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I didn't know how long I'd been laying on the staircase.

Maybe a lifetime. Maybe just a few moments.

I remembered getting in the cab, but not the journey home. I remembered fumbling with the key in the lock and walking into the house, although walking was a stretch of the truth to be fair. Shuffling would have been more apt. I'd gotten as far as the staircase and collapsed, half-twisted on my back, staring up at the ceiling. There was a cobweb right above my head, a thin wispy strand that danced on the breeze blowing through the still-open doorway.

I couldn't move. I wanted to, I think I wanted to, I knew I probably should have moved. The front door was open, after all. The keys were still in the lock. But I'd been falling since I'd reached home, falling as I lay on my back staring upwards at the cobweb, falling even though I wasn't falling at all. I was dimly aware that my leg was bent at an angle that was uncomfortable and that there was a dull pain building in the base of my stomach, yet I couldn't move an inch.

The breeze grew stronger and the cobweb danced furiously, dislodging from the ceiling and floating down, the sticky thread landing on my forehead and draping over my eyelashes.

'Oh my,' a woman's voice said, from far away, floating on the breeze with the web. 'You poor thing. Let me help you.'

A shadow passed across my vision. Delicate fingers removed the dusty strand and brushed my hair back from where it was plastered across my face.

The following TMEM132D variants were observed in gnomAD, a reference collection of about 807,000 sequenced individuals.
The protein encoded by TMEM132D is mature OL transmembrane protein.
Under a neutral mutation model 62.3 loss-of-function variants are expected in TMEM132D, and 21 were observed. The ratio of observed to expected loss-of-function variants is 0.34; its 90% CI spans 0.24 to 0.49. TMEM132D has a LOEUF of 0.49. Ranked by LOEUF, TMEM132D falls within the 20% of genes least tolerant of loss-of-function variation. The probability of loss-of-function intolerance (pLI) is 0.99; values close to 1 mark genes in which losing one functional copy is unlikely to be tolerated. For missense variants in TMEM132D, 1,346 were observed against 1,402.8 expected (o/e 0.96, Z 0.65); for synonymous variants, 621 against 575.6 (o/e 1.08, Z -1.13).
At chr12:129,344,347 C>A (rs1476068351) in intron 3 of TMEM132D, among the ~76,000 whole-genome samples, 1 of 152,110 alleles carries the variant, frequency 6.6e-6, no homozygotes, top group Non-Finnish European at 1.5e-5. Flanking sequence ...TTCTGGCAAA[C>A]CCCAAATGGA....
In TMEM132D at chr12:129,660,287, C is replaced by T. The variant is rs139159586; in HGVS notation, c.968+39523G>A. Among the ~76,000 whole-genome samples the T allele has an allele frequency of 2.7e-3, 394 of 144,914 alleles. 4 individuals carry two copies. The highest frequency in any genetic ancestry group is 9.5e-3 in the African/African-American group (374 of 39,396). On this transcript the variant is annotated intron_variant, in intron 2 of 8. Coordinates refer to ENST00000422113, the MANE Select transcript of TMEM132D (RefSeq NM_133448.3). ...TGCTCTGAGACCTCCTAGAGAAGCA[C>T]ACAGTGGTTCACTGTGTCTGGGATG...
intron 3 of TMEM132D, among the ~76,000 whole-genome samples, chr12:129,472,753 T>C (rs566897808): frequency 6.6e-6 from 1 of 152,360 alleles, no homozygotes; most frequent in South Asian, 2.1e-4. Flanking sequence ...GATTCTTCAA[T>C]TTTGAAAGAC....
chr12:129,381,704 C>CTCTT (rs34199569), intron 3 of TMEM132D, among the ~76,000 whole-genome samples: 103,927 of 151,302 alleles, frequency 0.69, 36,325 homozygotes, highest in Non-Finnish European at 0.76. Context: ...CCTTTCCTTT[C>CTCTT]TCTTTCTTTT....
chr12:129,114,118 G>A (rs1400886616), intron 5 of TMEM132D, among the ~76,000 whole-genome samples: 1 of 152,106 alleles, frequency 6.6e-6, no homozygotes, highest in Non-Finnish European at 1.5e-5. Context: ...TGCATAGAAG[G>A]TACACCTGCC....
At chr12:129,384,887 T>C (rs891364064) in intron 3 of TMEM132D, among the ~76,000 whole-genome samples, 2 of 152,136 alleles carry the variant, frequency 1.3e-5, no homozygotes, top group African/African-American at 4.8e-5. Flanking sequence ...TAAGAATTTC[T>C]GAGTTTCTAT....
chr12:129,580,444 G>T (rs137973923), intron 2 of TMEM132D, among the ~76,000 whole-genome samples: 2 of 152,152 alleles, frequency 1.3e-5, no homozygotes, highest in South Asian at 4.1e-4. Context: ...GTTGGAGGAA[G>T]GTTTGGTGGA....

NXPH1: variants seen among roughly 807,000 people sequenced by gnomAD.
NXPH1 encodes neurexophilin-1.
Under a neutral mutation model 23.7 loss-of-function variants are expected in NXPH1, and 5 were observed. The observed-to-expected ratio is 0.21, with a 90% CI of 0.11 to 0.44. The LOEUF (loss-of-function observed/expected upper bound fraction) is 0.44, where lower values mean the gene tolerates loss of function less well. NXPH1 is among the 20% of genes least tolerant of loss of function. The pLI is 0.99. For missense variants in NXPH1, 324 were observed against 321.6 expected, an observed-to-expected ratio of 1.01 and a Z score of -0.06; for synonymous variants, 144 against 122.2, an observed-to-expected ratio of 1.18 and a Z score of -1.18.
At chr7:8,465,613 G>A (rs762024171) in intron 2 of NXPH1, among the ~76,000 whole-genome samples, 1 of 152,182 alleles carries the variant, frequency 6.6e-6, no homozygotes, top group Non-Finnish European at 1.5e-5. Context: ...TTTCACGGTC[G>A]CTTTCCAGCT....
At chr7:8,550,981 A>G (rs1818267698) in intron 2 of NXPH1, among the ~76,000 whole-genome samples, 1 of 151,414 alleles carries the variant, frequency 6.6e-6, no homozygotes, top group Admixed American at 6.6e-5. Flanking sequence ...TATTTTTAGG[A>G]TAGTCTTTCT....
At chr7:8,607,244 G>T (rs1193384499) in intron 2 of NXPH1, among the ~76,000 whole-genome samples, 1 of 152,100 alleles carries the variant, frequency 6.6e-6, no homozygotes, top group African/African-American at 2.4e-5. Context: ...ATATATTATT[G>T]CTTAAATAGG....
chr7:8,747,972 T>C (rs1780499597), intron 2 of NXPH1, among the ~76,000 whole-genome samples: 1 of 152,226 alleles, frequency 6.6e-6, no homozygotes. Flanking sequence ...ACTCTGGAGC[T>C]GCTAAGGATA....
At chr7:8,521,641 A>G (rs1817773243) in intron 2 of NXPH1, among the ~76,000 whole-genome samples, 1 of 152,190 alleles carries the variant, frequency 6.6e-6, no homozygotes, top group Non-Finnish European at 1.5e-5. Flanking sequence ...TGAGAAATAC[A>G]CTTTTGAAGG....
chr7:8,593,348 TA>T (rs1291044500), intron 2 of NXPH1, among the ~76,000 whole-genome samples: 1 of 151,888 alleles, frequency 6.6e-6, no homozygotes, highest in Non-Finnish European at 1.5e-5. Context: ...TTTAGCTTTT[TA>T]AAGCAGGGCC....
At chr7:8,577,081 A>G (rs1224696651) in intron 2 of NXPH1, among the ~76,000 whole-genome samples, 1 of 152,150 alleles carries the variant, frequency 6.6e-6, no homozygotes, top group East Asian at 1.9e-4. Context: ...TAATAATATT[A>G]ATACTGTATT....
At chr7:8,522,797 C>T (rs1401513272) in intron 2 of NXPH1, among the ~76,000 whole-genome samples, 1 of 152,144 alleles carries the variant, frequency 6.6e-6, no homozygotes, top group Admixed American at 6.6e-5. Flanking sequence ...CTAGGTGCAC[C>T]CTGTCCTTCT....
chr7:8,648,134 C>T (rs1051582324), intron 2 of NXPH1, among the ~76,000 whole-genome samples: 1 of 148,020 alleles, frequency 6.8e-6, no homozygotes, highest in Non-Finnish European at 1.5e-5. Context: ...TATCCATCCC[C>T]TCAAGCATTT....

'Shall we get you off these stairs? It looks terribly uncomfortable,' the woman said, closer now, although it sounded muffled as if I was underwater.

I was moving now, but not of my own volition. Instead, I felt hands hooking under my armpits and around my chest as I was pulled off the staircase, my legs dragging lifelessly along the floor. I'd lost a shoe and blood was smeared around one coral-varnished toe nail. A scent of perfume filled my nostrils, something sweet but not unpleasant.

The woman pulled me over to the rug and propped me up against the edge of the sofa. I caught the sway of dark curls over a slim, pale face, just before my head drooped down onto my chest, my vision blurring.

'There now. Is that better?' she said. Her accent was well-spoken English, soft, gentle, but clipped in a way unfamiliar to Hackney-born-and-bred Londoners. I'd never been that keen on anyone who spoke like they'd been born with a silver spoon firmly embedded in their gobs, but there was something about her voice that made me wish I could look at her.

As if she'd read my mind, she lifted my chin and tapped me lightly on the cheek, a small encouraging pat to rouse me from whatever hole I had sunk a little deeper into. 'Come now, dear, open those eyes of yours,' she said brightly. 'Now is simply not the time to sleep.'

Even before I opened my eyes, I knew she was smiling. I could hear it in her voice, a warmth that only came from a smile as someone spoke.

I'd been right about the smile, which was wide, perfect white teeth between dark-red glossed lips, and I'd been right about the dark curls, which framed her face in loose tendrils, the rest pinned back and piled high on her head. She was beautiful – stunning, even – and I stared at her in something close to awe and confusion, as she looked at me from where she was crouched by my side, her head tilted as if examining a bug under a microscope.

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